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No-deal Brexit: Iberia's operating licence 'at risk' if EU and UK fail to reach divorce agreement

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No-deal Brexit: Iberia's operating licence 'at risk' if EU and UK fail to reach divorce agreement
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Operating licences for European airlines with British majority ownership could be "at risk" if no exit deal is agreed upon on between the United Kingdom and the European Union.

According to Madrid-based newspaper El Pais, the European Commission warned Wednesday that airline companies with a majority of non-EU capital will lose the right to operate in the European market if the agreement is not ratified by March 30, 2019.

The European Commission Transport office told Euronews that some airlines' operating licences will be at risk if they do nothing to change their structure.

The spokesperson also told Euronews they expect airlines to comply on all conditions to obtain an operating licence and If the conditions are no longer fulfilled as a consequence of the United Kingdom’ withdrawal from the EU, the operating licence will no longer be valid.

"Airlines concerned should be aware and prepared, and we expect that they have started adopting the necessary measures," said an EU spokesman.

Brussels has provided a temporary lifevest by proposing a one-year truce for airlines to continue operations between the United Kingdom and EU destinations until March 30, 2020.

The European Commission has explained that the affected airlines have been informed since "the initial phase of the withdrawal process," to put in place the necessary measures to not lose their licenses.

What airlines are at risk?

One at-risk carrier is the Spanish airline Iberia, which could be grounded from operating flights inside Spain in a "no deal" scenario.

Iberia is controlled by the Anglo-Spanish group International Airlines Group (IAG) who also owns Aer Lingus, Vueling and British Airways.

Nevertheless, an IAG spokesperson told Euronews: "We are confident that we will comply with the EU and the UK ownership and control rules post-Brexit".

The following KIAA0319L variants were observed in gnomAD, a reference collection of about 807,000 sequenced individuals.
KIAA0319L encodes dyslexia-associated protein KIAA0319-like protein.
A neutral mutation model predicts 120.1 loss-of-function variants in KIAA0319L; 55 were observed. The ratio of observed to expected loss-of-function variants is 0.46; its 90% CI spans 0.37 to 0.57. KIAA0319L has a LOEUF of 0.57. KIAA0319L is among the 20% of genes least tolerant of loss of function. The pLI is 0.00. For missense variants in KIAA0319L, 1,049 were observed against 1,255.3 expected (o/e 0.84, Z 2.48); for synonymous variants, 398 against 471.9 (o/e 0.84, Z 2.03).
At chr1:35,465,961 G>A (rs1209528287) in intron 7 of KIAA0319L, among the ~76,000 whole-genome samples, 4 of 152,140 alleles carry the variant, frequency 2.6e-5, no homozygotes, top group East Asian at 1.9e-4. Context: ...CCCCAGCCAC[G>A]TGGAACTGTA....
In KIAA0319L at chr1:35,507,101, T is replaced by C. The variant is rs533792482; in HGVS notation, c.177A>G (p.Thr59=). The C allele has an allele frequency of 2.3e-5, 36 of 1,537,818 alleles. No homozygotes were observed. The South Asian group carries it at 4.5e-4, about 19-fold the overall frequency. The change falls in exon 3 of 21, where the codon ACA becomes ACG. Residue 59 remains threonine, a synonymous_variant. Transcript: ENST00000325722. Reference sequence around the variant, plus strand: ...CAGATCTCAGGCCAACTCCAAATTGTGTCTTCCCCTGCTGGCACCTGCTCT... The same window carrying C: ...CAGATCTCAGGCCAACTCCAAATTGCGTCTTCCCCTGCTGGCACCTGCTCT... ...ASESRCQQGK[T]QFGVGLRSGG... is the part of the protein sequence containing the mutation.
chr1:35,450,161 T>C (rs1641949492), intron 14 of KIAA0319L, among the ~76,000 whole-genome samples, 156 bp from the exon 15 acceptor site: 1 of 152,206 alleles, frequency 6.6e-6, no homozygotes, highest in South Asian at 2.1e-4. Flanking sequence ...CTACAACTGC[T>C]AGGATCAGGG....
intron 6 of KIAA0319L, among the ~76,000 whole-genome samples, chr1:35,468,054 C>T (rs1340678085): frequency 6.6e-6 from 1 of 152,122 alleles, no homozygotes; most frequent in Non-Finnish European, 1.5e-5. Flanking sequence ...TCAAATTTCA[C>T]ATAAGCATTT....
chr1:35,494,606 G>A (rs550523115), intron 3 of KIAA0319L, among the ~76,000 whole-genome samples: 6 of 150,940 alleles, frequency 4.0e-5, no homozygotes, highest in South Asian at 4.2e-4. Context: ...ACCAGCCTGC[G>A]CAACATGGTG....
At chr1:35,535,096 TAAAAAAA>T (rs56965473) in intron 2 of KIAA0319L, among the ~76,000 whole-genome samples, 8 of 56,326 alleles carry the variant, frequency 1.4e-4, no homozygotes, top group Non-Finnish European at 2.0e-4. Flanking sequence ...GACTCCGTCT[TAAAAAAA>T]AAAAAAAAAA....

IAG's airlines are not the only ones facing "no-deal" turbulence.

Low-cost carriers Ryanair and EasyJet have already announced plans to ensure 51% of their capital and control comes outside the UK.

EasyJet, headquartered at London Luton Airport, operates domestic and international scheduled services on over 820 routes in more than 30 countries.

It has combated the possible loss of license by launching a new initiative called EasyJet Europe.

"We remain confident flights will continue, even if the outcome of talks is a no-deal Brexit," an EasyJet spokesperson told Euronews.

"We have already put in place our post Brexit structure that ensures EasyJet is able to maintain its network.

"We have put in place three operating airlines, in Austria, Switzerland and the UK in order to be able to maintain flying both between the UK and Europe and within Europe.”

How popular is air travel in Europe?

The European air traffic management (ATM) system currently handles around 26,000 flights daily.

Forecasts indicate air traffic levels are likely to double by 2020. Moreover, European ATM costs an additional €2-3 billion every year, compared to other similar systems in the world.

The UK is one of Europe's busiest travel hubs. With over 40 commercial airports located in different places across the country. London alone has 5 airports, including Europe’s busiest passenger airport Heathrow, with more than 78 million passengers in 2017.